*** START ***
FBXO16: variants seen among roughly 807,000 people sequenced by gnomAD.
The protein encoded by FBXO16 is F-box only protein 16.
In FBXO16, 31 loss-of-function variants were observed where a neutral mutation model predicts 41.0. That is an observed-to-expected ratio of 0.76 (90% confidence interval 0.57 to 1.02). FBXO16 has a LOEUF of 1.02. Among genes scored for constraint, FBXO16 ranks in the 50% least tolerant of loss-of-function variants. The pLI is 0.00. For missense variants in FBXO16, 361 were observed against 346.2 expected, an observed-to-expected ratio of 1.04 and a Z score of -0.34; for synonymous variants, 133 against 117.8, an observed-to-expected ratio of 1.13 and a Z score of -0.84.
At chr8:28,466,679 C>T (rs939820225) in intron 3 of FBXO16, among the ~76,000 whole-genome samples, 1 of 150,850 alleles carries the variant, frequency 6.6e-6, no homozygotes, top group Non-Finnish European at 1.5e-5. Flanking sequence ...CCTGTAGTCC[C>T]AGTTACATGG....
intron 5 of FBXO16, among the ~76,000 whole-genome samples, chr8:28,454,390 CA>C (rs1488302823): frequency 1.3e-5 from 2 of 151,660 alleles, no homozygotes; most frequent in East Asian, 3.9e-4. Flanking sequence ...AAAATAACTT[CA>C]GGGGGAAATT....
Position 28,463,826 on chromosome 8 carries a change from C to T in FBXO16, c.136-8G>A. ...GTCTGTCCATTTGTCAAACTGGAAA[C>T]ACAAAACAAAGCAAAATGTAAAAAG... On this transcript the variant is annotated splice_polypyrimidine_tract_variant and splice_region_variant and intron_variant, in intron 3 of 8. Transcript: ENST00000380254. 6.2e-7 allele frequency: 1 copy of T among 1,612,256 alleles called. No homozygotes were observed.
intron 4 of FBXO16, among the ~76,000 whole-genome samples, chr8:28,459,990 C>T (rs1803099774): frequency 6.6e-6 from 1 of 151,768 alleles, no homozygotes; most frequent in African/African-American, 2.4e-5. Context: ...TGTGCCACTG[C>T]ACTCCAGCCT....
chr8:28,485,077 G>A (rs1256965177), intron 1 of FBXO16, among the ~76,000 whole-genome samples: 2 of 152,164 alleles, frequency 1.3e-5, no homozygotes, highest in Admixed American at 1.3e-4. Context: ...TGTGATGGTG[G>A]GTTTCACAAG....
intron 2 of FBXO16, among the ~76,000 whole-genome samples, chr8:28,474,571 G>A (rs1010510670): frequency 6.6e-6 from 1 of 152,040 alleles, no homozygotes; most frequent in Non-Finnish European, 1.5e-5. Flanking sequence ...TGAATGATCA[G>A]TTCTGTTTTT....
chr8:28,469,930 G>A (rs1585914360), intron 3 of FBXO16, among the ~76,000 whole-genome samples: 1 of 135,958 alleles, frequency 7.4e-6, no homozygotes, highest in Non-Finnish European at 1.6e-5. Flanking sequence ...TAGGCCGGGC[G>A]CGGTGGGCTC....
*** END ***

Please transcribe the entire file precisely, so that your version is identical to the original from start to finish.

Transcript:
FBXO16: variants seen among roughly 807,000 people sequenced by gnomAD.
The protein encoded by FBXO16 is F-box only protein 16.
In FBXO16, 31 loss-of-function variants were observed where a neutral mutation model predicts 41.0. That is an observed-to-expected ratio of 0.76 (90% confidence interval 0.57 to 1.02). FBXO16 has a LOEUF of 1.02. Among genes scored for constraint, FBXO16 ranks in the 50% least tolerant of loss-of-function variants. The pLI is 0.00. For missense variants in FBXO16, 361 were observed against 346.2 expected, an observed-to-expected ratio of 1.04 and a Z score of -0.34; for synonymous variants, 133 against 117.8, an observed-to-expected ratio of 1.13 and a Z score of -0.84.
At chr8:28,466,679 C>T (rs939820225) in intron 3 of FBXO16, among the ~76,000 whole-genome samples, 1 of 150,850 alleles carries the variant, frequency 6.6e-6, no homozygotes, top group Non-Finnish European at 1.5e-5. Flanking sequence ...CCTGTAGTCC[C>T]AGTTACATGG....
intron 5 of FBXO16, among the ~76,000 whole-genome samples, chr8:28,454,390 CA>C (rs1488302823): frequency 1.3e-5 from 2 of 151,660 alleles, no homozygotes; most frequent in East Asian, 3.9e-4. Flanking sequence ...AAAATAACTT[CA>C]GGGGGAAATT....
Position 28,463,826 on chromosome 8 carries a change from C to T in FBXO16, c.136-8G>A. ...GTCTGTCCATTTGTCAAACTGGAAA[C>T]ACAAAACAAAGCAAAATGTAAAAAG... On this transcript the variant is annotated splice_polypyrimidine_tract_variant and splice_region_variant and intron_variant, in intron 3 of 8. Transcript: ENST00000380254. 6.2e-7 allele frequency: 1 copy of T among 1,612,256 alleles called. No homozygotes were observed.
intron 4 of FBXO16, among the ~76,000 whole-genome samples, chr8:28,459,990 C>T (rs1803099774): frequency 6.6e-6 from 1 of 151,768 alleles, no homozygotes; most frequent in African/African-American, 2.4e-5. Context: ...TGTGCCACTG[C>T]ACTCCAGCCT....
chr8:28,485,077 G>A (rs1256965177), intron 1 of FBXO16, among the ~76,000 whole-genome samples: 2 of 152,164 alleles, frequency 1.3e-5, no homozygotes, highest in Admixed American at 1.3e-4. Context: ...TGTGATGGTG[G>A]GTTTCACAAG....
intron 2 of FBXO16, among the ~76,000 whole-genome samples, chr8:28,474,571 G>A (rs1010510670): frequency 6.6e-6 from 1 of 152,040 alleles, no homozygotes; most frequent in Non-Finnish European, 1.5e-5. Flanking sequence ...TGAATGATCA[G>A]TTCTGTTTTT....
chr8:28,469,930 G>A (rs1585914360), intron 3 of FBXO16, among the ~76,000 whole-genome samples: 1 of 135,958 alleles, frequency 7.4e-6, no homozygotes, highest in Non-Finnish European at 1.6e-5. Flanking sequence ...TAGGCCGGGC[G>A]CGGTGGGCTC....